Medieval Mice

At HelgaCon someone mentioned an interesting idea to me that’s stuck in my head.  So much so that I find I have to post about it before I can post about other HelgaCon stuff.  The idea was simply this: run a D&D game where the players are anthropomorphic mice.  It’s not the originality of the idea, but the simplicity of that’s really grabbed me.

The idea started when discussing Reaper’s excellent set of mousling miniatures.  When Reaper first introduced it’s Legion of Justice and Caeke line, I bought the first one for Jenn as something interesting for her to paint.  This led to picking up the second one in the line at GenCon, and then discovering the mouselings and purchasing those as well. Not only did she buy the full set, but I also ended up with an extra wizard-mouse when it turned out to be the model used during my round at speed-painting.  You can see my entry here.

Well it’s hard for me to be around miniatures without trying to find an actual gaming use for them.  Thus, I bought Jenn a copy of the Mouse Guard RPG, which I had heard of in passing but knew little about except that it’s apparently based on Burning Wheel.  It’s a beautiful book, and I’m sure Jenn read through the entire thing, but that’s pretty much where that ended.  I haven’t had a chance to really read through it, and given the heft of the book and Burning Wheel’s reputation as a “crunchy” game, I knew it would be a stretch for me to get around to running it.

The idea of just playing standard D&D with mice for characters for whatever reason never struck me until someone (was it BigFella?) mentioned it at HelgaCon.  It’s so simple and obvious I can’t get it out of my head.  The only real difficulties with the idea is the question of how much to warp D&D to make it feel more mousey.  Unfortunately there’s not a lot of inspiration to draw from.  Basically there are two:

I’ve read a couple of the RedWall series, but haven’t read any Mouse Guard yet.  I understand though that both ultimately completely eliminate the presence of humans.  I’m not crazy about that, I think a Borrowers-esque kind of setting would be far more amusing.  If I included humans, I’d love to have the “dungeons” actually be the inside of the walls of a normal human castle or similar.  That begs the question of how to orient the map though, it almost cries out for side-view instead of top-down, though that may push my map making abilities.

RedWall also introduces other anthropomorphic creature types.  Would I want to include that?  It might make an interesting way of handling demi-humans (demi-mice?)  I’d also probably have to come up with some other creature to use for the evil humanoids (no orcs, goblins, kobolds, gnolls, etc. in this game).  Monsters are easy – just use regular creatures.  Bigger lizards would make great dragons.  Would I want to push more fantasy elements?  Maybe, certainly there should be spell casters given the first mini painted was a wizard.

If anyone has any other ideas for inspiration I’m all ears.  Especially art that might depict labyrinthine mouse corridors behind normal human walls.  I don’t think I could seriously consider such a game without at least some ideas for a few dungeons.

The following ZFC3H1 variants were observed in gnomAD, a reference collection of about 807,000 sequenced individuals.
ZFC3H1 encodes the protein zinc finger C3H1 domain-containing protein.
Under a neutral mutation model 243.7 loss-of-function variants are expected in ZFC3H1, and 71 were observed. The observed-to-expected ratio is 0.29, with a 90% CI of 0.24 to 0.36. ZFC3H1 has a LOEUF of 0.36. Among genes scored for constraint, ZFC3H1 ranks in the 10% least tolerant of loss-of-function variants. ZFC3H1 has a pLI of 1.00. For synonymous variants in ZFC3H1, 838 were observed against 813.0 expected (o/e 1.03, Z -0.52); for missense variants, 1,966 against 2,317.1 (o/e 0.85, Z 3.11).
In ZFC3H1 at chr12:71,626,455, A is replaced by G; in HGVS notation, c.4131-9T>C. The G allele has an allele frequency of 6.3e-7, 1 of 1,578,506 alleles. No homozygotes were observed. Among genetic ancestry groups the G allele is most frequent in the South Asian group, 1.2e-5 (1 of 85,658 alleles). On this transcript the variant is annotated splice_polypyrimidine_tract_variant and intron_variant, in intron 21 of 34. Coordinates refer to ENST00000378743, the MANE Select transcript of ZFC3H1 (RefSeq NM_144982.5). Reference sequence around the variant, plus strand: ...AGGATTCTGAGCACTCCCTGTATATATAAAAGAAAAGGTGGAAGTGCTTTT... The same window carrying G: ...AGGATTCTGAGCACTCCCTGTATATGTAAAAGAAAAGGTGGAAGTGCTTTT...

5 thoughts on “Medieval Mice

  1. How might the mice think of humans? Would the humans seem to be gods to the mice? They leave food out where the mice can get it, they also constructed the larger structure that the mice built their homes in. On the other hand they also set traps and bing in cats. They give and take away. The humans motivations are unknowable to the mice.

    Or can some of the mice actually communicate with the humans and just see them as giants? Perhaps the mice could actually work with the humans from time to time when a large evil tries to get a foothold on a smaller scale…

  2. @rmckee78:
    I think the treasure in a “mice in human walls” game should be food and should be rated either in weight or deliciousness. You could have dungeons like, “The Pantry”, “The Undercroft”, “The Granery”, “The Smokehouse”, “The Bakehouse”, “The Buttery”, etc.

    You could have an items list like:
    Torch: 1 crumb
    Sword: 1 strip bacon
    Armor: aged cheese

    Or perhaps that’s a little too silly…

  3. There’s a bunch of stuff you can tap for inspiration.

    The Rescuers series (the books, not the movies, although those work too)
    A Cricket in Times Square
    Stuart Little
    Mrs. Frisby and the rats of NIMH

    Maybe if you knew someone with connections to a library of some sort… hmmmm.

  4. I was definitely thinking that treasure would be food. In fact, it would be pretty easy to say:

    sp = seed piece
    gp = grain piece
    cp = cheese piece

    Only odditiy there is the idea that cp is clearly the most valuable instead of the least as in traditional D&D.

    As for the nature of humans, I was thinking I’d just stat them out as cloud giants. Whether the mice perceive them as gods or as monsters I suppose is up to the players.

    Thanks for the list BigFella. Funny thing is I think I’ve probably seen a lot of these as cartoon adaptations, when really I should be reading the original books. Will have to look those up.

  5. One interesting thing about houses as dungeons is you can think of the walls as traditional tunnels, and the rooms as quasi-wilderness areas, with the outside as wilderness as well.

    I think skaven minis would make good heavies for this, if you wanted a dichotomy between lawful mice and chaotic rats.

    Ferrets and weasels would make good ogre size foes. Cockroaches could be goblins or kobolds…

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